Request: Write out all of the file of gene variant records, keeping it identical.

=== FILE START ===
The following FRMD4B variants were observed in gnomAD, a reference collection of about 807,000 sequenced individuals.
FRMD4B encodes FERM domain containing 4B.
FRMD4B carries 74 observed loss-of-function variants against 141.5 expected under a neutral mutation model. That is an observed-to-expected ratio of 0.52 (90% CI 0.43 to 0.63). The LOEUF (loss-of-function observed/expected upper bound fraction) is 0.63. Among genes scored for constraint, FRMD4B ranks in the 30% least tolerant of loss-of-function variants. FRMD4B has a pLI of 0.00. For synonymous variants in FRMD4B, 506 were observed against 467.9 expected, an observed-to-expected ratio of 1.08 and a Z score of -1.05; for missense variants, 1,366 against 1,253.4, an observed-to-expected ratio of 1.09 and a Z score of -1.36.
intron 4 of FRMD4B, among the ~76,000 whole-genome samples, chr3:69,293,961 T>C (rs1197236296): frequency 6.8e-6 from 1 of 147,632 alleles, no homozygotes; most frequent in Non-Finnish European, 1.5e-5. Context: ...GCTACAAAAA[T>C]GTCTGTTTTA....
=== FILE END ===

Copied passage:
The following FRMD4B variants were observed in gnomAD, a reference collection of about 807,000 sequenced individuals.
FRMD4B encodes FERM domain containing 4B.
FRMD4B carries 74 observed loss-of-function variants against 141.5 expected under a neutral mutation model. That is an observed-to-expected ratio of 0.52 (90% CI 0.43 to 0.63). The LOEUF (loss-of-function observed/expected upper bound fraction) is 0.63. Among genes scored for constraint, FRMD4B ranks in the 30% least tolerant of loss-of-function variants. FRMD4B has a pLI of 0.00. For synonymous variants in FRMD4B, 506 were observed against 467.9 expected, an observed-to-expected ratio of 1.08 and a Z score of -1.05; for missense variants, 1,366 against 1,253.4, an observed-to-expected ratio of 1.09 and a Z score of -1.36.
intron 4 of FRMD4B, among the ~76,000 whole-genome samples, chr3:69,293,961 T>C (rs1197236296): frequency 6.8e-6 from 1 of 147,632 alleles, no homozygotes; most frequent in Non-Finnish European, 1.5e-5. Context: ...GCTACAAAAA[T>C]GTCTGTTTTA....